CDA Essentials 2016 • Volume 3 • Issue 7 - page 23

23
Volume3 Issue7
|
I
ssues and
P
eople
The Goal
Inour practicewe’vedevelopedaprogramcalled thePatientGuidedSensory Integration
Program. It’s a framework thatwealter dependingon thepatient’sneeds andwhat thechild
ismost comfortablewith. Our goal is tocreateanenvironmentwhereachildcan tolerate
care—just simplebrushingandanexamination. It doesn’t necessarilymeanwecanperform
treatment, butwehave tobeable toperformacomprehensiveexam todetermine their
needs. Someof thechildren I seewill still enduphaving sedationor general anesthetic for
treatment butmanyareable to learn to tolerateother procedures. Evenchildrenwhodo
requirealternativecarecangetmost or all of their routinecaredone in theclinic.
Calming environment
Thefirst thing is tohaveagood location inyour office: aquiet areawithout a lot of
distractions.Wehavea roomwhere thechild is allowed to settle for 2–5minuteswhen
theyfirst come to theclinic. It has acoupleof books, abench, amobileon theceilingand
minimal decorationson thewalls. It’s fairly isolatedandquiet.
Pretreatment assessment
The second thingwedo is learnmoreabout thechild from theparent.Weaskaparent
tofill out adetailedquestionnaireandask, “What’sworkedwithyour child?What hasn’t
worked?Howdoyoumotivateyour child?Doyouuse rewardsor reinforcers?”Weuse
that information todeterminehowwe’regoing toworkwith their child. Thechild isoften
nonverbal so it’s theparentwho speaks for their child.
Count and sing!
I use techniques likecounting tofiveand singing. It helps in settingupboundaries from
thefirst visit.Most of the time,whenevermyhands areon thechild, I startwithcountingor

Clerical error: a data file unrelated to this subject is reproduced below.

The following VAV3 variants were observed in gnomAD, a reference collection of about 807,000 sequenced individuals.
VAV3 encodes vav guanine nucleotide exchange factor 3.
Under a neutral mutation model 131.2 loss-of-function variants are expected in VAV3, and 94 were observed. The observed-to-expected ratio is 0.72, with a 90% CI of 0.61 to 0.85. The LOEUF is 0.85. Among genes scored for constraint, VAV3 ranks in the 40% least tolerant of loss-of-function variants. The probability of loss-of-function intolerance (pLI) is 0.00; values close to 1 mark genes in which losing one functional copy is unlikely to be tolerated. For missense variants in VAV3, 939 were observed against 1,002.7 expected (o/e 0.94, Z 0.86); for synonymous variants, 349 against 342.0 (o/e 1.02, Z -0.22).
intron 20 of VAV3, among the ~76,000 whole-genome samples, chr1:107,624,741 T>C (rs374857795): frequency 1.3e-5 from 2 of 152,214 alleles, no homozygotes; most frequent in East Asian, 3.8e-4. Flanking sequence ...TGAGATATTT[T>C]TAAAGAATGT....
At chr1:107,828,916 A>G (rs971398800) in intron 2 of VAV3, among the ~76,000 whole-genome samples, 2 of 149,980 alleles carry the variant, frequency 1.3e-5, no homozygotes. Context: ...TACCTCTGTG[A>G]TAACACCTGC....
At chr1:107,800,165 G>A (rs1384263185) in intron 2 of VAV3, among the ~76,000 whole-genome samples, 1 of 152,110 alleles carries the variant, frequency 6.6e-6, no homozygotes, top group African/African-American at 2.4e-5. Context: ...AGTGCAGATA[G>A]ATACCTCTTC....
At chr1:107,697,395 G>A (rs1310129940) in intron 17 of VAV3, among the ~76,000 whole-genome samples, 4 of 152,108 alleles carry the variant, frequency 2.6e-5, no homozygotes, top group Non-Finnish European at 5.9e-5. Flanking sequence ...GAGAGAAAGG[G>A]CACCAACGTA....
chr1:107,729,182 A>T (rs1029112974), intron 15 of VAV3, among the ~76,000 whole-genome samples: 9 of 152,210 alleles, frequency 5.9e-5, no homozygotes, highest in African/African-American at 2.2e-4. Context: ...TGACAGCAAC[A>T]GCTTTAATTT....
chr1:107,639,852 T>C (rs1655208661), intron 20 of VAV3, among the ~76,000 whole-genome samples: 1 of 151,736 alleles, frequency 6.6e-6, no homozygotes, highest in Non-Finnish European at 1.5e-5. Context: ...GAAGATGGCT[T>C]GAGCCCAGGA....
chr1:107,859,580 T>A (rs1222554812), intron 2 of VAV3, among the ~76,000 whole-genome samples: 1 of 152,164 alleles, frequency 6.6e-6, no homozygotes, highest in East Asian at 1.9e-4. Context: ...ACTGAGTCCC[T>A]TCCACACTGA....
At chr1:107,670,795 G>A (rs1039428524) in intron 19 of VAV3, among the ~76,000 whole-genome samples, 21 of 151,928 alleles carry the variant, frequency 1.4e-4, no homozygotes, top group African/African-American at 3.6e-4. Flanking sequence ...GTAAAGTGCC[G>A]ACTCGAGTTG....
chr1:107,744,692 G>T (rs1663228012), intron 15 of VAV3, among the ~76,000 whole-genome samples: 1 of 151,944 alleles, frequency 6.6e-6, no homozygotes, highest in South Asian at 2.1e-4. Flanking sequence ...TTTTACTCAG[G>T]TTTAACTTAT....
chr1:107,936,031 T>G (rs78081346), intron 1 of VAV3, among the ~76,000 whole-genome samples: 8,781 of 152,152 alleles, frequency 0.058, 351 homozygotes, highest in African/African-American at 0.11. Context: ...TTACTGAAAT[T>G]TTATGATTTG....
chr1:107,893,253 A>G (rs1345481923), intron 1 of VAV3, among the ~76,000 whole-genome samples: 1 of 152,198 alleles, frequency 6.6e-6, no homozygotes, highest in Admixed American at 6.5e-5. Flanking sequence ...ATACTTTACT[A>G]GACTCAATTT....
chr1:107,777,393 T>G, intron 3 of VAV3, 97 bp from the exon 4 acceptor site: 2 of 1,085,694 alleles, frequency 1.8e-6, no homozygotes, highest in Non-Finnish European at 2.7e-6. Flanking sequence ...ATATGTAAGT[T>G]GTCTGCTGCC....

singing tofiveandmyhands comeoffby the time I get tofive.Wecreatea senseof trust,
and there’s ahugeelement of trustwithall children. It setsupa start andafinish.Most of us
can tolerate something for five seconds—even if I do it fifty times, they know I’ll be stopping.
Heather
Coulter
Jackson
HeatherCoulter Jackson is a registereddental hygienistwho specializes in treating childrenwithautismand
other special needs—kidswhousuallywon’t tolerate treatment inother clinics. She’s acquiredher skills through
considerable training, 25years of experienceand, to some extent, intuition. She spokewithCDAaboutwhat
shedoes to successfully treat childrenwithautism,whose impaired communicationand social, behavioural and
intellectual functioning canmake itdifficult toprovidedental care.Ms.Coulter Jacksonworks in thepediatric
dental clinic ofDr.CliveFriedman inLondon,Ontario.
Photo (oppositepage): Heather
Coulter Jacksonusesdeep
pressureonayoungpatient’s
earswhilecounting tofive ina
singsongvoice.
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